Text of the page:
The rap on research for the arts, museums, and informal sciences
Heard the one about the guest clarinetist that the NY Philharmonic refused to identify? Classical music’s impulse toward anonymity isn’t helping the art form.
Daniel Wakin’s NY Times article this week about the “mystery clarinetist” tells how Burt Hara, currently principal clarinetist at the Minnesota Orchestra (full disclosure: a client of ours), played a few concerts with the NY Philharmonic as part of an extended audition process for that orchestra’s own principal chair. Seems that music director Alan Gilbert singled Hara out for a solo bow, since the piece (Rachmaninoff’s Second Symphony) features the clarinet prominently. Nothing odd about that.
But since Hara wasn’t listed on the program, there was no way for the audience to know whom they were applauding for. Wakin apparently asked the NY Philharmonic and was rebuffed: the orchestra “declined to give further details about guest principals, or even to confirm that Mr. Hara was onstage.”
Which makes the NY Phil the only secret society that holds its meetings onstage in front of 2500 people.
Except that it’s not unique. Classical music has a pervasive fondness for anonymity and a corresponding ambivalence about personality and individuality. (That’s one way to understand the stubborn persistence of black-and-white dress on classical stages, the musicians’ lack of eye contact with audience members, the blandness and stiltedness of most spoken comments from the stage, and some other elements of classical culture that progressive ensembles like eighth blackbird and commentators like Greg Sandow are trying to change.)
Wakin notes the tension in the orchestra world between the subordination of ego required to make a collection of virtuoso players sound like one expressive instrument and the “spotlight moments when they play solo lines.” But it’s hardly a fair fight; anonymity usually trumps other values, as it did this week in Hara’s case.
It wins because it’s connected to some cherished ideas about the proper role of interpretation in music-making. Most classical players today – and most of the critics who write about them – have been trained in a (historically recent) value system that places the intentions of the composer at the heart of the musical enterprise. The musician’s job is to perform the music as the composer would have imagined it. Interpretative freedom is valued as long as it is seen as serving that ideal: getting closer to the score’s essence, revealing the music in new ways.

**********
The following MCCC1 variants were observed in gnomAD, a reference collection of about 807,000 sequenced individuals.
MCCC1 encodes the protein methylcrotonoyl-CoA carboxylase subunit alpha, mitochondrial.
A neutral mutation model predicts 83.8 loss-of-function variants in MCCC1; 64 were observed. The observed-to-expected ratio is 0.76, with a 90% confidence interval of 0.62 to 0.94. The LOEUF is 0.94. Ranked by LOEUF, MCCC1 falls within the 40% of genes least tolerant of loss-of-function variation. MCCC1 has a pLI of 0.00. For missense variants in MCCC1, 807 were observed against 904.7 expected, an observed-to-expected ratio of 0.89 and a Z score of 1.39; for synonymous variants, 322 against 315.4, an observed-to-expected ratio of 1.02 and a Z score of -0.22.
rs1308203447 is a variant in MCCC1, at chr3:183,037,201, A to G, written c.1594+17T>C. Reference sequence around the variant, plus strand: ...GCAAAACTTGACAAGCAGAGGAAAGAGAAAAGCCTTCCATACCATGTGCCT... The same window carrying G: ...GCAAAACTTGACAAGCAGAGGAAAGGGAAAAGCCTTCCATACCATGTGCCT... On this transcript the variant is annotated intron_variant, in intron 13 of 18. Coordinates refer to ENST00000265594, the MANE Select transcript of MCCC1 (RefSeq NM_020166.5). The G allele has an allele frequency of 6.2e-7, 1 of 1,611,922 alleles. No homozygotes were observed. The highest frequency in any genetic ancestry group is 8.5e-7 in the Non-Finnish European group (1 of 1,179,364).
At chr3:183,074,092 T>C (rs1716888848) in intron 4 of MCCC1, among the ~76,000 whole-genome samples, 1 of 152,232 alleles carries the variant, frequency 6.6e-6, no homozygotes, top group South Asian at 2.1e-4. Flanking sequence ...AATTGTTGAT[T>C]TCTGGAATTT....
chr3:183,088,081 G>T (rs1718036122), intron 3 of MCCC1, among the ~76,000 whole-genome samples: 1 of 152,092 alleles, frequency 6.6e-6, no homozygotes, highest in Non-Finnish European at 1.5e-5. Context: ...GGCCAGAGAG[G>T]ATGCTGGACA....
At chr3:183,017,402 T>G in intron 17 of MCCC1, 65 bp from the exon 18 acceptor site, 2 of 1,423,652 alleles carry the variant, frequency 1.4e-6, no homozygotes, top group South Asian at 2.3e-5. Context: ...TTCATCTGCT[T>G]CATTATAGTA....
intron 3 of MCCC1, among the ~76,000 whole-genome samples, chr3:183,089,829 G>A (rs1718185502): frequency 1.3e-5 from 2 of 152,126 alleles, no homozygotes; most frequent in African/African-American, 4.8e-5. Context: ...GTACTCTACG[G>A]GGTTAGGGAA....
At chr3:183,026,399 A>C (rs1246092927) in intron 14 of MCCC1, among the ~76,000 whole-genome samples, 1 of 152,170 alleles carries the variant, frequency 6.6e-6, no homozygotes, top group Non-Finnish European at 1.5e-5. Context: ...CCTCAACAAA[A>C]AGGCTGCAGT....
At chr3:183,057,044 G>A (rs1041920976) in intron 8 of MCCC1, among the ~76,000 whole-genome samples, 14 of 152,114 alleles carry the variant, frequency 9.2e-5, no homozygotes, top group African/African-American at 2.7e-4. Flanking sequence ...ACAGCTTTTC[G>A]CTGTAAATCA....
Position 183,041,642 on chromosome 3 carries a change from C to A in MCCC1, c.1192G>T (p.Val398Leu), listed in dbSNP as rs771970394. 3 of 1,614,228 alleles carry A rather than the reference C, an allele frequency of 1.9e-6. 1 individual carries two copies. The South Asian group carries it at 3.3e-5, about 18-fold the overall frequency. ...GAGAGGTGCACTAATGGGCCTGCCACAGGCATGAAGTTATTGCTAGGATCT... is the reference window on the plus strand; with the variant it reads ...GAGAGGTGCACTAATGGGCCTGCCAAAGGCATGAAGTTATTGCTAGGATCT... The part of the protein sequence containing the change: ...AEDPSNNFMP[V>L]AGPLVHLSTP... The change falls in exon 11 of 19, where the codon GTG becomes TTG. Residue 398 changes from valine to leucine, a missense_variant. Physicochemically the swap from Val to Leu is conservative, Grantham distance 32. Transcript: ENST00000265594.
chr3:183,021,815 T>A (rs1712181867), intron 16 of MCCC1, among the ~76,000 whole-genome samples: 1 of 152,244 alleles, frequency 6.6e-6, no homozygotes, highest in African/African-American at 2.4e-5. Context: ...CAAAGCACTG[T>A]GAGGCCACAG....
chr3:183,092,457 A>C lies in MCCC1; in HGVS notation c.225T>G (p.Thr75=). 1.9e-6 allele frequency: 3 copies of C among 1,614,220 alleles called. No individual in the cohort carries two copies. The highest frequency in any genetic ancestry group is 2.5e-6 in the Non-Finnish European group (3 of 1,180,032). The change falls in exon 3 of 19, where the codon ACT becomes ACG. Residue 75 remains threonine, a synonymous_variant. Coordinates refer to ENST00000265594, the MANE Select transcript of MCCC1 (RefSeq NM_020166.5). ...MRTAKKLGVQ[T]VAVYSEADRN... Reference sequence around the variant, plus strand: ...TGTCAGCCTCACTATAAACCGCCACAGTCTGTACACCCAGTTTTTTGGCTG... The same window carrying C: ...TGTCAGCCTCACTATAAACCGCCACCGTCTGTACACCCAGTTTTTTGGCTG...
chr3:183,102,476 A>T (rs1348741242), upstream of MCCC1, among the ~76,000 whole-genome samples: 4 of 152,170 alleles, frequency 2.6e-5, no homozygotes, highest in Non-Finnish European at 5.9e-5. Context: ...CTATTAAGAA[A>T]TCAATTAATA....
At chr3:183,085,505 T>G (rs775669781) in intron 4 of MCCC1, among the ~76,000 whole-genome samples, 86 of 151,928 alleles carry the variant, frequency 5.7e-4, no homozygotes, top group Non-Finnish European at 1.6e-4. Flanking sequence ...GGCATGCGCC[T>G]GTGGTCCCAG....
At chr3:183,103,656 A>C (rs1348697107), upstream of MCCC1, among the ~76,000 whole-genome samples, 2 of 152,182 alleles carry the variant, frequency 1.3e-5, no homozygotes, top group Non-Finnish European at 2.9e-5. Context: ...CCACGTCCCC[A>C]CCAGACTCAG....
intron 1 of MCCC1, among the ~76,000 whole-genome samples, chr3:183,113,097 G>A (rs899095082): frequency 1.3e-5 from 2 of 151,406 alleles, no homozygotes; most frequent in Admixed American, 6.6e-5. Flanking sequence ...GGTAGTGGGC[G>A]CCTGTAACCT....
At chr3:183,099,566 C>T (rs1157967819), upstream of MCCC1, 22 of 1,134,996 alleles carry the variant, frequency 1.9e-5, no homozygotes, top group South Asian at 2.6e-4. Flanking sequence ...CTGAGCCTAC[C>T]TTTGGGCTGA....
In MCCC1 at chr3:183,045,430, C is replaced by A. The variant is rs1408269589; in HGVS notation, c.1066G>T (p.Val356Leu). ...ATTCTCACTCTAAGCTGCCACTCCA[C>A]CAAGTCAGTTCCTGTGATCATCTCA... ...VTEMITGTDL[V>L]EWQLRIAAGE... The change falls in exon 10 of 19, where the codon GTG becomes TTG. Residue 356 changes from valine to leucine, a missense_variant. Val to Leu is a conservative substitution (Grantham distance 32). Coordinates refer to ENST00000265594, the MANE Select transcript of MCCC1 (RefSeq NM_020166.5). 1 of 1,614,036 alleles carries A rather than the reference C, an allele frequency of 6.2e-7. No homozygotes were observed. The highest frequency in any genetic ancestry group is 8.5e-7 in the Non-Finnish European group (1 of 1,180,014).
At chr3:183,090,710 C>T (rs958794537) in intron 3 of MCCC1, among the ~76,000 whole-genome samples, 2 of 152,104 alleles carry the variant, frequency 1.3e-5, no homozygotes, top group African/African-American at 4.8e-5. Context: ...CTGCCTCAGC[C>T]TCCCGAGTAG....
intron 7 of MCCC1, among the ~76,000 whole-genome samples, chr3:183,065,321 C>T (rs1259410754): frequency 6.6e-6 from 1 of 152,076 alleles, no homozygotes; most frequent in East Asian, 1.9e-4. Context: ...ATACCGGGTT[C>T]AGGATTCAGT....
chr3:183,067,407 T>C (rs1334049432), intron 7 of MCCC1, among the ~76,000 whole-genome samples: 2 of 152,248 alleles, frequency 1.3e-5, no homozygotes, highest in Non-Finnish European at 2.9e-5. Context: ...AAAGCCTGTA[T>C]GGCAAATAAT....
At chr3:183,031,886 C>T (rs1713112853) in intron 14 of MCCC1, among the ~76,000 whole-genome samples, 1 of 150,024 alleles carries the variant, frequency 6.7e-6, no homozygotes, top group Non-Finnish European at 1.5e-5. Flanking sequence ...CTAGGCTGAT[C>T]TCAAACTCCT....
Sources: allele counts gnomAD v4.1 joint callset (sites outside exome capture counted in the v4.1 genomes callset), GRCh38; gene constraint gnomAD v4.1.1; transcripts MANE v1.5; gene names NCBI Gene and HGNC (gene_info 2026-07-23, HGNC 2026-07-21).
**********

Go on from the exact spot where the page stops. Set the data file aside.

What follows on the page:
Which also means: not revealing the musician, except to the extent that doing so is necessary to the revealing of the music. The performer is a kind of conduit, not unlike a translator at the United Nations whose job is to render the nuances of what has been said without calling much attention to himself. He is the center of attention but also strangely absent.
Hence James Levine’s frequently-stated desire to “disappear” into the music he’s conducting, so that audiences are focused not on him but on the work. Daniel Barenboim and others have said similar things.
Wakin is right to remind us that these values of anonymity and (his word) secrecy are built into orchestra’s hiring practices. Musicians usually audition behind screens and without talking, to ensure that the listeners make their judgments on purely musical grounds and without considering ethnicity, gender, or other potentially biasing factors.
But along with the possibility of ethnic prejudice, doesn’t this practice screen out personality, body language, facial expression, and other human, social attributes of the candidate? And aren’t those kinds of attributes what makes one musician better at communicating through music than another, both to his fellow musicians and to audiences?
Symphony musicians would reply that that’s why they invite finalist candidates like Hara to sit in with the orchestra for a few days: to see what it feels like to play together.
Still, with faceless auditions setting the stage (literally), we shouldn’t be surprised that orchestra administrators have trouble getting musicians to break that fourth wall and make eye contact with patrons, smile before and after playing (in other forms of music, performers often smile while playing), or speak from the stage. None of these things are unheard of, but they’re a long way from being natural in the concert hall.
Nor should we be surprised that classical audiences – especially newcomers and infrequent attenders, but some regular attenders, too – tell researchers like us that they wish they felt more connection to the musicians. In a sense, we never know whom we’re clapping for.
As some of you have commented here, there are plenty of exceptions around the field. The conventions are changing…slowly. But I think progress will be faster and broader if we look beyond specific practices to the values that shape them. That’s part of what I’m trying to do with this blog, and I'll certainly need your help.
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